The APOE genotype was obtained from the allelic combination of the rs429358 and rs7412 variants. APOE status was determined based on the APOE ε4 allele, and the participants were classified as APOE ε4 carriers or APOE ε4 noncarriers.
Neuroimaging and CSF Biomarker Measurements
MRI Acquisitions and MRI-Based AD Signature
Anatomic 3D T1-weighted fast field echo sequence MRIs were obtained with a 3T scanner (Ingenia CX, Philips, the Netherlands) at the Barcelonaβeta Brain Imaging Center with the following parameters: voxel size = 0.75 mm3 isotropic, field of view = 240 × 240 × 180 mm3, flip angle = 8°, repetition time = 9.9 ms, echo time = 4.6 ms, and inversion time = 900 ms in sagittal acquisition. FreeSurfer version 6.0 was used to determine the cortical thickness of regions vulnerable to AD. The so-called AD signature was calculated as the surface-area weighted average of the individual thickness values of the following regions: entorhinal, inferior temporal, middle temporal, and fusiform cortices in both hemispheres.17,27
PET Imaging Acquisitions and Preprocessing
[18F] Flutemetamol PET scans were acquired in a Siemens Biograph mCT (Munich, Germany) after performing a cranial CT scan for attenuation correction. One hundred eighty-five MBq (range 166.5–203.5 MBq) of [18F] flutemetamol was injected to the participants, and 4 frames of 5 minutes each were acquired following the waiting period of 90 minutes. An OSEM3D algorithm with 8 iterations and 21 subsets was used to reconstruct the images with point spread function and time-of-flight corrections into a 1.02 × 1.02 × 2.03 mm matrix. The acquired images were preprocessed using SPM12. Averaged PET images were coregistered to corresponding MRI scans. Following the segmentation of MRIs, the images were normalized to Montreal Neurological Institute (MNI) space together with the PET images. The standardized uptake value ratio (SUVR) was calculated in MNI space from the standard regions (bilateral frontal and parietotemporal areas) and the whole cerebellum as the reference region. We then transformed the SUVR values to the centiloid (CL) scale. Amyloid positivity was ascertained using CL values.28 We defined the cutoff value for CL with a threshold of 12 to classify the participants as Aβ-negative (<12 CL) or Aβ-positive (≥12 CL).
IL-6 was measured with the Roche NeuroToolKit, a panel of automated Elecsys and prototype immunoassays (Roche Diagnostics International Ltd, Rotkreuz, Switzerland) on a cobas e411 or e601 instrument at the Clinical Neurochemistry Laboratory, Sahlgrenska University Hospital, Mölndal, Sweden. Glial fibrillary acidic protein (GFAP) and soluble fragment of triggering receptor expressed on myeloid cells 2 (sTREM2), measured with the Roche NeuroToolKit, and also reflecting neuroinflammatory processes,29 were used to test the specificity of the associations between IL-6 and anxiety-depression. We used the log10‐transformed versions of the IL-6 and GFAP measurements for the analyses as they were not normally distributed.29 All participants were blinded to the results of their CSF and amyloid PET assessments.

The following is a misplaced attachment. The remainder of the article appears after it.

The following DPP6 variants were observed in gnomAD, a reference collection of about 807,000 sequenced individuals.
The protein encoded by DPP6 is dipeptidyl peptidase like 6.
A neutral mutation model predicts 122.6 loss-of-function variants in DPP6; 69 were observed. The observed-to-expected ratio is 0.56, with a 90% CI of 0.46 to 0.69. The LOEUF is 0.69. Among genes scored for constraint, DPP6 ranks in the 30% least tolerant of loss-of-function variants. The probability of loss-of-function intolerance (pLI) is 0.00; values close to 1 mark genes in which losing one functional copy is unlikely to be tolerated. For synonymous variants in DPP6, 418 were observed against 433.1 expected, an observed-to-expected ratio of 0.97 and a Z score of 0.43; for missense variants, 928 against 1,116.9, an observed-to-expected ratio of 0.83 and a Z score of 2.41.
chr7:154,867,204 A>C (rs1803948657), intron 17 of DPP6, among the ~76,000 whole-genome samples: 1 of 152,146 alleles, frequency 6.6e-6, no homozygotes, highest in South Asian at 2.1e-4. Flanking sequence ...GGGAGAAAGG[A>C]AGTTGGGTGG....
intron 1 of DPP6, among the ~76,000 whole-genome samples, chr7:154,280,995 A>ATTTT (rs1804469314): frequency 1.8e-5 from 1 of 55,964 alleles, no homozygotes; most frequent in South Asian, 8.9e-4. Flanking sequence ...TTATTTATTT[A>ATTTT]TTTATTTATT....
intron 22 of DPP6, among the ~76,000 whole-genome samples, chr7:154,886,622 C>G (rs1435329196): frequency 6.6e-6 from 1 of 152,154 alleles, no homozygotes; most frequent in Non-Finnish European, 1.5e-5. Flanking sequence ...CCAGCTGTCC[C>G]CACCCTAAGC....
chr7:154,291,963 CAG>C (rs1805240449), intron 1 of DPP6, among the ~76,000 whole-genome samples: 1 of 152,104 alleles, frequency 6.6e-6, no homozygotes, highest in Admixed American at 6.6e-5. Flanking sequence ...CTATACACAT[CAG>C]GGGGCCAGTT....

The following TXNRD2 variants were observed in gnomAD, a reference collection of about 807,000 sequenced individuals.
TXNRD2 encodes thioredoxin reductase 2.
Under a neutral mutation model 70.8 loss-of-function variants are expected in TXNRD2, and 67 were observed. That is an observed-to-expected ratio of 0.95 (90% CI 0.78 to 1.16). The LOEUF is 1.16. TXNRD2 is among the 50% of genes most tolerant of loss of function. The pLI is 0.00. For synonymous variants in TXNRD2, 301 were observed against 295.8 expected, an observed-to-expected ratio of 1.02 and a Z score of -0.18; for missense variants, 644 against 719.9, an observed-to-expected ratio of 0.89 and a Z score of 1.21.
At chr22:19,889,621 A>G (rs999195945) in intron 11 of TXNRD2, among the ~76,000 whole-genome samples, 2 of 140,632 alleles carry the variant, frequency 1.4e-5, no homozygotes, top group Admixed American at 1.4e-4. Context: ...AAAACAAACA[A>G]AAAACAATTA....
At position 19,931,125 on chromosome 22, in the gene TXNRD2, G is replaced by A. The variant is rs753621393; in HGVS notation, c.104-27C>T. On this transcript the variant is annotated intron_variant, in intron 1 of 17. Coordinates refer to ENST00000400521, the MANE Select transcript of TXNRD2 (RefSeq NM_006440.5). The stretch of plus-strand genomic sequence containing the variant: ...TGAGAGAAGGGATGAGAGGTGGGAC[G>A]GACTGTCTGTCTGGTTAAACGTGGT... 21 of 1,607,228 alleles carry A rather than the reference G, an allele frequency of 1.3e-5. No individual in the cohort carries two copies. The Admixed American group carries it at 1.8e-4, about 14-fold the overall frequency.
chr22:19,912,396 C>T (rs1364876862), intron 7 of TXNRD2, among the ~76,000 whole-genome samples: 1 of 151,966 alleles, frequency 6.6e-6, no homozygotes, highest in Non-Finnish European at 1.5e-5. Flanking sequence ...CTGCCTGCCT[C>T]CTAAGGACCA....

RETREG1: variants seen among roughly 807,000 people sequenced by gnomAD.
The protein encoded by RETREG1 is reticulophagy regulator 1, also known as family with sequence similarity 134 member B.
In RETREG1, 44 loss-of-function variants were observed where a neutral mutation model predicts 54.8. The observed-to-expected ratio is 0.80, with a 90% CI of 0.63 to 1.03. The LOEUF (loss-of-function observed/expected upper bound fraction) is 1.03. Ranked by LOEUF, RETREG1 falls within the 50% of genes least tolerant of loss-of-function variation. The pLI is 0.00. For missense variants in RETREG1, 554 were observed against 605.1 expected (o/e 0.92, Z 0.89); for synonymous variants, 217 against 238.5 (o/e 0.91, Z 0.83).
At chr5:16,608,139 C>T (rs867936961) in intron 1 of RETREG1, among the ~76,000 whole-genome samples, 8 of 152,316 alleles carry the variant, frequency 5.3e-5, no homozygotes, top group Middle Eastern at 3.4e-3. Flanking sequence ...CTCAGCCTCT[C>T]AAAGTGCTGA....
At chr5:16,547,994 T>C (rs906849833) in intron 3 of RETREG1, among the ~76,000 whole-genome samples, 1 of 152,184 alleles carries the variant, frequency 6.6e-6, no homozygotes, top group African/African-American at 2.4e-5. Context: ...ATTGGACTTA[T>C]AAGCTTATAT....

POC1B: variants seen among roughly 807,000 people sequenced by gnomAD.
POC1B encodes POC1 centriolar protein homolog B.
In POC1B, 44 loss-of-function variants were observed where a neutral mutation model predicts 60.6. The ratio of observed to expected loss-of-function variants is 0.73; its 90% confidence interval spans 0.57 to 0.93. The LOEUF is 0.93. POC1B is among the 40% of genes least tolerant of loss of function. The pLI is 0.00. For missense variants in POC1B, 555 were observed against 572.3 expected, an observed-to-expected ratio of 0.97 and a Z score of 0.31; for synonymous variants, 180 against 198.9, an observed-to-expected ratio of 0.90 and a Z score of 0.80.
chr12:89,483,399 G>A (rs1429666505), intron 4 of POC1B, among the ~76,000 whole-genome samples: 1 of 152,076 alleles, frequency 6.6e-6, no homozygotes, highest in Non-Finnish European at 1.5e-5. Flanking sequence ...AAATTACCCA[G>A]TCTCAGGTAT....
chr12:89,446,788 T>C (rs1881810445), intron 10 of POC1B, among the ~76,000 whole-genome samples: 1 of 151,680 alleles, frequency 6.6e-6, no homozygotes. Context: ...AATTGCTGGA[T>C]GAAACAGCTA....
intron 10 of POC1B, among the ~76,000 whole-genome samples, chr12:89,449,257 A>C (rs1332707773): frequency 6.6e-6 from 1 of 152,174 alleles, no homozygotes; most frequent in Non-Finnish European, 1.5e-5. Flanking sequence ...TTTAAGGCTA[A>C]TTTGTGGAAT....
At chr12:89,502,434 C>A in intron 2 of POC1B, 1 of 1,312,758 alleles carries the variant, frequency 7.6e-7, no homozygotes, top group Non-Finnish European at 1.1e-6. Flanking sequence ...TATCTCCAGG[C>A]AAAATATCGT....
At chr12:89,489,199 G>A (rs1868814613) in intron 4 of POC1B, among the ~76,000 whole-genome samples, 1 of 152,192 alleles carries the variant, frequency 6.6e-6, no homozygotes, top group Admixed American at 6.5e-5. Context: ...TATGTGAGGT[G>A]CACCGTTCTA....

The characteristics of the samples were defined with means and SDs or medians and ranges for continuous variables and frequencies and percentages for categorical variables. With descriptive purposes, we investigated the differences by sex, caregiver status, Aβ positivity in preconfinement HADS scores, and stress-related measurements (PSS and BRS) with t tests. We also reported raw HADS change scores by group and explored the differences between these groups in lifestyle changes during the confinement with χ2 analyses.
In our main analyses, we performed 2 sets of multivariable linear regression models with HADS total scores during the confinement as the outcome variable. First, we investigated whether AD-related biomarkers showed cross-sectional associations with HADS total scores in the biomarker sample. To this end, we included Aβ-positivity, CSF IL-6, and cortical thickness in AD signature regions as independent variables and demographics, APOE ε4 status, and caregiver status as covariates in the model. We also investigated the factors associated with HADS total scores in the whole sample considering the demographics, APOE ε4 status, and caregiver status as independent variables. In a second step, we performed the models adjusting by preconfinement anxiety-depression levels in the subgroup of participants with available preconfinement HADS scores (see the Results section). In these models, we also controlled for the interindividual variability in the time lag between preconfinement and confinement HADS assessments.
As sensitivity analysis, we explored whether anxiety or depression (HADS-Anxiety and HADS-Depression as dependent variables) drove the results of the main analyses. In addition, considering the higher prevalence of anxiety and depression in women,11 we performed sex-stratified analyses to investigate whether the tested associations were driven by women.